You must try one of those they are really good and inexpensive.

Paarshva Shah
- Mumbai, Maharashtra, India

July 3, 2014

Q. Hi Dears,
I'm a PhD candidate in materials science and now working on making copper foam through electroplating copper on a kind of open-cell polymeric foam like polyurethane foam.
Is there anybody here who have such experience of electroplating on porous non-conductors and the process of conducting them?

Hope to here from you soon

M. Gharib

mohammad gharib
- Karaj, Alborz, Iran

July 2014

A. Hi mohammad gharib. Copper electroplating is a process which operates in accordance with Faraday's Law: electrons are pumped to the cathode with a power supply, and positively ions migrate towards the cathode where they re-combine with those electrons to form atoms of metal. But electricity follows the path of least resistance, so it will probably prove difficult to electroplate into foam, as all of the buildup will be on the outside rather than into the pores. Please investigate electroless copper plating, which I think has a much better chance of success; and technology was developed for through-hole plating of printed circuit boards which may help you. Good luck.


Ted Mooney, Teds signature
Ted Mooney, P.E. - Pine Beach, New Jersey
Striving to live Aloha

July 7, 2014

Q. Thanks Ted, but it has been proved for years that with the aid of some kind of colloidal graphite or carbon-black coating, it is possible to induce conductivity to such polymeric materials and making them plateable.

I'm now seeking for an appropriate conductive colloid coat.


mohammad gharib
IUST - Karaj, Alborz, Iran

July 2014

A. Hi again. Yes, of course you can use colloidal graphites to induce conductivity and metallize non-conductors. In the circuit board and plating-on-plastics industries this approach seems to be supplanting the traditional tin/palladium activation followed by electroless plating. You should be able to get these from any of the major plating chemistry providers like Atotech, Macdermid, Surtec, etc. If you can't commercially buy those proprietaries in your location, you can at least read their patents and white papers for a good understanding of their chemistry.

But please slowly read what I was talking about, which is the difficulty in the electroplating step of getting plating into the pores of the foam rather than just glomming up on the outside; for this reason I believe you will find electroless copper plating a better way to start than graphites. Best of luck.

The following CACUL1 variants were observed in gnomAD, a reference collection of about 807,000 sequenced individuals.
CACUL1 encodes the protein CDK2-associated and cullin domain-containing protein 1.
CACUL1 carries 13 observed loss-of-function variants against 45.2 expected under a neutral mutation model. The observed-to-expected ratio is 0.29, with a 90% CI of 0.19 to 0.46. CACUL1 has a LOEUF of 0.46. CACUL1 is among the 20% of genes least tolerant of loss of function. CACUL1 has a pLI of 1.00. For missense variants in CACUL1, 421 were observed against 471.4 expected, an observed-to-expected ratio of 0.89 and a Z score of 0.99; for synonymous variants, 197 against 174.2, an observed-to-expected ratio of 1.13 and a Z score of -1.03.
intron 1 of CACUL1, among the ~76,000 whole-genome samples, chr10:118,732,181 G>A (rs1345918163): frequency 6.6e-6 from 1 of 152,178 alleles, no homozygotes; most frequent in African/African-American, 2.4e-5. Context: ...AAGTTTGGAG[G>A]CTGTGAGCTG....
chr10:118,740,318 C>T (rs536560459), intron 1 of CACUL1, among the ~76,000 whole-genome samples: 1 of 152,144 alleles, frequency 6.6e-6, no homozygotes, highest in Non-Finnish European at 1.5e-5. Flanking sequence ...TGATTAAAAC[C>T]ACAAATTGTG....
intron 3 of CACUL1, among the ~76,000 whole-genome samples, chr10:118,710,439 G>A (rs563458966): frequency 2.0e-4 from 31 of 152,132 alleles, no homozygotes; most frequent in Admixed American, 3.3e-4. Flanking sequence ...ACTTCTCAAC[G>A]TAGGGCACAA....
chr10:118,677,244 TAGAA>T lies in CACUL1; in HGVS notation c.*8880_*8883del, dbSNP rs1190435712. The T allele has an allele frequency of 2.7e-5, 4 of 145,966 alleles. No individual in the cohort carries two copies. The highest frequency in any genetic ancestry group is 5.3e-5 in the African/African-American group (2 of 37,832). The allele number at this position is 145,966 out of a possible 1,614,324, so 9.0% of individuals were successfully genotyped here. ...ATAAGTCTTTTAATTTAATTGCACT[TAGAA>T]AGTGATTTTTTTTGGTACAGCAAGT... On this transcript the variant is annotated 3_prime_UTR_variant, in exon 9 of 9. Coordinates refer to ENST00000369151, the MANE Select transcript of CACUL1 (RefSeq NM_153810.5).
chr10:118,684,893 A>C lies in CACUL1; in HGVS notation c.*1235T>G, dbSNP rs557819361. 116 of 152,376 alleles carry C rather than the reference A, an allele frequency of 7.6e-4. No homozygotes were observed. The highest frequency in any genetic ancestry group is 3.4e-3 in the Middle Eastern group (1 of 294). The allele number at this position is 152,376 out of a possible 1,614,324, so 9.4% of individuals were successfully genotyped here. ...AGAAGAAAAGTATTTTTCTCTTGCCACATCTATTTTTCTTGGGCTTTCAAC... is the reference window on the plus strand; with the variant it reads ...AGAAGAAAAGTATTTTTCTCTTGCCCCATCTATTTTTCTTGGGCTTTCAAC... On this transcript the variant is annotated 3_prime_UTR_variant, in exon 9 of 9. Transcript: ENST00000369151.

Ted Mooney, Teds signature
Ted Mooney, P.E. - Pine Beach, New Jersey
Striving to live Aloha

July 9, 2014

thumbs up signDear Ted,
your kind attention to my question is greatly appreciated.
Just to be noted that in this process polymeric foams with reticular structure are currently used.
Thanks again.

mohammad gharib
IUST - Karaj, Alborz, Iran

September 2014

Hi again. Please look into the proprietary copper plating solutions used for thru-hole plating. They use large molecule brighteners that can't fit into the through holes, with the result that everything but the holes gets covered with these brighteners which tend to shield plating from occurring, while plating is able to happen inside the thru-holes because no brighteners fit into the holes. It is perhaps possible that this will help you get plating deep into the pores of the sponge rather than glomming up on the outside, as is its normal propensity. Good luck.


Ted Mooney, Teds signature
Ted Mooney, P.E. - Pine Beach, New Jersey
Striving to live Aloha

July 14, 2014

Can I use acrylic base metallic copper paint on non-conductive materials to make them conductive?

jayanta das
- kolkata, west bengal , india

affil. link
Nickel-base Conductive Coating

July 2014

A. Hi Jayanta. Such questions are hard to answer because in truth you can do nearly anything with nearly anything ...

Had Van Gogh tried "Starry Night" with a lump of cooking charcoal on brown kraft paper and it might still would have been a reasonable success. But in my opinion, artists & craftspersons shouldn't try to prove they can do passable work with ill-suited materials that way -- instead they should aim for exceptional work with optimal materials. So to answer your question in that sense, no, metallic copper paint is not the right metallization approach.